The Impact of Injury: Understand Your Worker’s New Reality

The Impact of Injury: Understand Your Worker’s New Reality

When a disabling injury throws off an employee’s routine, here are the three most important things an employer can do to best support them.
Adele Spallone
Adele Spallone, Head of Clinical Operations for Workers’ Compensation and Group Benefits at The Hartford
Allison Scaia
Allison Scaia, Head of Health Services at The Hartford
The day everything stopped for Sandra was a beautiful spring afternoon – perfect weather for a quick bike ride on her lunch break. But then, a tumble on loose gravel derailed those plans, and so much more.
A badly broken arm and a bruised body would keep her out of work for at least two months. A stabilizing sling and rest helped the bone heal. However, the potential mental health impact of what happened, coupled with the uncertainty about whether her claim would be deemed work-related, posed yet another hurdle for Sandra to overcome. Her journey to recovery and return to work slowed down.
“Trauma impacts not only the person physically, but also psychologically,” says Adele Spallone, head of clinical operations for Workers’ Compensation and Group Benefits at The Hartford. “After the initial and sudden shock of the injury, people can be confused, depressed and feel overwhelmed in taking care of themselves physically and emotionally.”
People can experience loss of control when their routine is suddenly gone, says Spallone, a licensed mental health counselor and family therapist. Spallone oversees a team of nurses and vocational and behavioral health specialists who help support workers out on disability or workers’ compensation leaves of absence. For some people, their well-being can be closely tied to their job. People who feel they have meaningful jobs miss it when they are out. Lacking that connection and routine, even for a short time, can affect their mental health, she says.
In addition to the anxiety that can be felt when an employee is injured and can’t work, there’s also potential stress from a difficult claim experience.
“There is an added level of worry and frustration that can occur when an injury happens and the corresponding claim is bounced back and forth between workers’ compensation and disability,” shares Allison Scaia, head of health services at The Hartford. “It’s an immense benefit for the employee in their time of need and their employer to have a single insurance carrier than can seamlessly work across employee benefits and Workers’ Compensation, streamlining the claims experience to not only make it easier for everyone but also ensure that the right coverages or benefits are considered.”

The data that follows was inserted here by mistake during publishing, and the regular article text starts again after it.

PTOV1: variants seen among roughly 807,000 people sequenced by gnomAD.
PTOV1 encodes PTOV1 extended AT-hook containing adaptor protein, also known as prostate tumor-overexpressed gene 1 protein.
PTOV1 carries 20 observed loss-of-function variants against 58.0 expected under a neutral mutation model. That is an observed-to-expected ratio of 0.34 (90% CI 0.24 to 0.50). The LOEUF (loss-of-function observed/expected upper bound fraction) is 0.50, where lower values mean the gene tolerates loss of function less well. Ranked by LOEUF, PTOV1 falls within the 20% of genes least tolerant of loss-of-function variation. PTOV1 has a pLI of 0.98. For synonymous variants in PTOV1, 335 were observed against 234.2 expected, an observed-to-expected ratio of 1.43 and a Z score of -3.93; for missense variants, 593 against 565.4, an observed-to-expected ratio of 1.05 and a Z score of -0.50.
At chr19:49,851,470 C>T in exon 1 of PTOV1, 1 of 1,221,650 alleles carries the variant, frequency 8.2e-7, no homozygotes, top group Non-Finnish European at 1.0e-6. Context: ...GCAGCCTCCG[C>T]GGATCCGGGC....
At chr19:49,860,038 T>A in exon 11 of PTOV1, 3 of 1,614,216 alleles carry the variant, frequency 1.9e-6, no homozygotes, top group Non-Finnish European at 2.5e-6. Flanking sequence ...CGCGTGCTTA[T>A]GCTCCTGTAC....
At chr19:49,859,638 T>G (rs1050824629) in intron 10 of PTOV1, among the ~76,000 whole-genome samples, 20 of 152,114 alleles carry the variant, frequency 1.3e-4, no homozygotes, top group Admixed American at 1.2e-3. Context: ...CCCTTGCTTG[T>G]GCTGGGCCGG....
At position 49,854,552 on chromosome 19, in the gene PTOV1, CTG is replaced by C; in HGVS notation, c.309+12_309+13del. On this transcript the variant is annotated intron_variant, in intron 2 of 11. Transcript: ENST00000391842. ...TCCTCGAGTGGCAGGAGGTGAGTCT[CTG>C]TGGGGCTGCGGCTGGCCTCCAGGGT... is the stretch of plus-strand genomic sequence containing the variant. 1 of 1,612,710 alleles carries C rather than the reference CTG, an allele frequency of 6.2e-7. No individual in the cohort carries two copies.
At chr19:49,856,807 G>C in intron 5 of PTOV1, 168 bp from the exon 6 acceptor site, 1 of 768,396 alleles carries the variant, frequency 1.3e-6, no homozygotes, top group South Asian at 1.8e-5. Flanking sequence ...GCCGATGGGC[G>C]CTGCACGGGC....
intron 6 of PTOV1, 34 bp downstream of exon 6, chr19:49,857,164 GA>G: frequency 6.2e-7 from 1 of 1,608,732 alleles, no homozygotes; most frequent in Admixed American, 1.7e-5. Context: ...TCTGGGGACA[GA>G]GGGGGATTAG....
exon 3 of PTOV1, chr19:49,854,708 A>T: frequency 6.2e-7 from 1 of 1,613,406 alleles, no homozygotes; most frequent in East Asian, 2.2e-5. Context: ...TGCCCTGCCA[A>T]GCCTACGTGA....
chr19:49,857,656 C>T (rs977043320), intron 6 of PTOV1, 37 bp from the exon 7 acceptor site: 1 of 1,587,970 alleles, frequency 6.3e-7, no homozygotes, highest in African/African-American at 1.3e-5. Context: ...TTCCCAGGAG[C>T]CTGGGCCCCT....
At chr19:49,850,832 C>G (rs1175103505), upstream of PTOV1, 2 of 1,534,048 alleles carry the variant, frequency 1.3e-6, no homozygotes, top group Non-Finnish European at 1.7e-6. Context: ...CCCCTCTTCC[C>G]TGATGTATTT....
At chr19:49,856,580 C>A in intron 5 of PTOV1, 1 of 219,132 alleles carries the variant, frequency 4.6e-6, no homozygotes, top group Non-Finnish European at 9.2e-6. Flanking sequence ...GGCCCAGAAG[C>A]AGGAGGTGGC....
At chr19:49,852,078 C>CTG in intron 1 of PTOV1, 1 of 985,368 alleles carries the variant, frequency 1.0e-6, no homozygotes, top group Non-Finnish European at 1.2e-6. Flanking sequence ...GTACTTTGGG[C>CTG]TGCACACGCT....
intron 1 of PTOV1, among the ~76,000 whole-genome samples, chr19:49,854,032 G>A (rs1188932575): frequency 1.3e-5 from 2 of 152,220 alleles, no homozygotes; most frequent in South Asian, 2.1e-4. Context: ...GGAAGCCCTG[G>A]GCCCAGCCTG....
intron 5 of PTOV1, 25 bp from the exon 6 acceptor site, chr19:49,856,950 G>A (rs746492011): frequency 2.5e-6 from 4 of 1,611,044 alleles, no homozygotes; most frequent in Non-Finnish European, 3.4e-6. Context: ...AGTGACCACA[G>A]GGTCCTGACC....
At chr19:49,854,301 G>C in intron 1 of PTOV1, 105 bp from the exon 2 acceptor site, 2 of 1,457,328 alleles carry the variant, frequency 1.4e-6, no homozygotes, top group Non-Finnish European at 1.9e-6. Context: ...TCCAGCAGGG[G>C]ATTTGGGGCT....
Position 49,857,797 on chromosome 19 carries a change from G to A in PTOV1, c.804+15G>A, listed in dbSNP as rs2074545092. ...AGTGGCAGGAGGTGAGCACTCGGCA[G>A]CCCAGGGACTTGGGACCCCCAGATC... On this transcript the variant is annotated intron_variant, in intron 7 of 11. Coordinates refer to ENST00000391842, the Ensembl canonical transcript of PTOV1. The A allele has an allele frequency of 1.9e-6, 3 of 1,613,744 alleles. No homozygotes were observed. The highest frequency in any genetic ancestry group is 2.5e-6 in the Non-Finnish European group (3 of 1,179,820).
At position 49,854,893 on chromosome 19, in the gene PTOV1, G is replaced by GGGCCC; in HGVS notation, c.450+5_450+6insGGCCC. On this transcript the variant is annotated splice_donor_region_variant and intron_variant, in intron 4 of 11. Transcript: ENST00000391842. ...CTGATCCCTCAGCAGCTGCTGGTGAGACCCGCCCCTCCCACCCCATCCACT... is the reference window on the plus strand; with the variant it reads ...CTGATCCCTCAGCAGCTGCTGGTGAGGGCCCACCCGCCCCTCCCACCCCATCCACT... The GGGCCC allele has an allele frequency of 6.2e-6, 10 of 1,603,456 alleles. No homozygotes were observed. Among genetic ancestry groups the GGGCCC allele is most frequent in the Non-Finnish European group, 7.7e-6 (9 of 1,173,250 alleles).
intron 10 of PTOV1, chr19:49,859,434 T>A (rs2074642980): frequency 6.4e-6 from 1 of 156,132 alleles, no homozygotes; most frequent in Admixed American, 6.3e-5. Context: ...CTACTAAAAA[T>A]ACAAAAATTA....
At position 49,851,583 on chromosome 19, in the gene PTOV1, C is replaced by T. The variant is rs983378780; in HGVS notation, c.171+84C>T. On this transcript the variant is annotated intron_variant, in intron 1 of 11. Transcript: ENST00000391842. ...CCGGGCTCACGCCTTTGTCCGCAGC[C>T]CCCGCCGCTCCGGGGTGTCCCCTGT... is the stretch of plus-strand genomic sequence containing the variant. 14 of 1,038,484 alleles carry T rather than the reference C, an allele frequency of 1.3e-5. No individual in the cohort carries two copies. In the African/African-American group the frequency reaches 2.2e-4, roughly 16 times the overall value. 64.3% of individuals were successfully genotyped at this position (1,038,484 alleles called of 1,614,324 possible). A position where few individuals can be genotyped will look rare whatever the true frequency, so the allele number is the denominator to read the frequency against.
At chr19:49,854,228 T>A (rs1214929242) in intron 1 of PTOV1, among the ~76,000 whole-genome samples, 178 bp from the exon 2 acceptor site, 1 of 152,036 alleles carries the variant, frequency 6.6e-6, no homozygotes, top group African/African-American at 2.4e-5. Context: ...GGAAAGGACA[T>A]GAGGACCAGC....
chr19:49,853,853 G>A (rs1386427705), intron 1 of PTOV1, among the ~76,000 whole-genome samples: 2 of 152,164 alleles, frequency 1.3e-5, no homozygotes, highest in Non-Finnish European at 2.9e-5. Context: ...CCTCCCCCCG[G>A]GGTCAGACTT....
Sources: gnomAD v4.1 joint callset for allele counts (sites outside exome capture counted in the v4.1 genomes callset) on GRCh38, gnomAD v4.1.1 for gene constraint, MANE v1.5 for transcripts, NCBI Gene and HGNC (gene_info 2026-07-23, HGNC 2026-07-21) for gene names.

An overwhelming claim experience can lead to confusion and potential delays in payments. When compounded with physical injuries from a painful accident, the process can cause more damage and make recovery even more difficult. The risks, Spallone says, are turning to unhealthy coping mechanisms, such as substance misuse, poor eating and withdrawing from friends and family.

A Benefits Approach To Help Soften a Hard Landing

Fortunately for Sandra, her employer included short-term disability insurance in its employee benefits package. The benefit didn’t sit on a static checklist. Management routinely communicated with company-wide reminders of their benefits with easy-to-understand guidance on when and how to use it. Conveniently, they also had their short-term disability, leave management and workers’ compensation with the same insurance carrier. From the time her claim was reported, the carrier streamlined the entire process for both Sandra and her employer. Once her claim was reviewed and determined not to be work-related, the disability claim was auto-initiated, eliminating the need for Sandra to take any additional steps. Her corresponding leave of absence was set up for her as well, seamlessly ensuring she was protected during her recovery and reducing regulatory risks for her employer.
The bottom line for Sandra was, well, the bottom line. Knowing that disability insurance would provide income while she was off the job and the time to heal helped head off some unnecessary worry. A simple and pain-free claim experience allowed her to focus on what really mattered: her well-being. 
Regular check-ins with that injured employee can help management understand where that worker is physically and mentally. Employers should be prepared to refer the worker to an Employee Assistance Program (EAP) or community resources, Spallone says.
“It’s incredibly important to listen and validate their feelings,” Spallone says. “And when they return, give them the flexibility they need to attend medical appointments or physical therapy. It helps them readjust to the work routine as they continue to recover.”

The Path Back to Wellness: Optimism and Benefit Awareness

After a serious accident, Spallone says keeping a positive attitude is among the keys to recovery and returning to work. Other healthy coping mechanisms are:
  • Talking to the company Employee Assistance Program (EAP) or a mental health professional
  • Giving yourself permission to talk about feelings you’re experiencing
  • Within limits, staying as active as physically possible
  • Participating in self-care activities, like meditation, deep breathing or journal writing
Well-informed employees can be their own best advocates. If an employer is providing benefits education, take the time to understand everything available. When or if the unexpected happens, it’s knowledge put to good use.
Read more about how to retain employees out on a disability leave and learn about our connected claim offerings that support employees when they need it most.
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The Hartford Staff
The Hartford Staff
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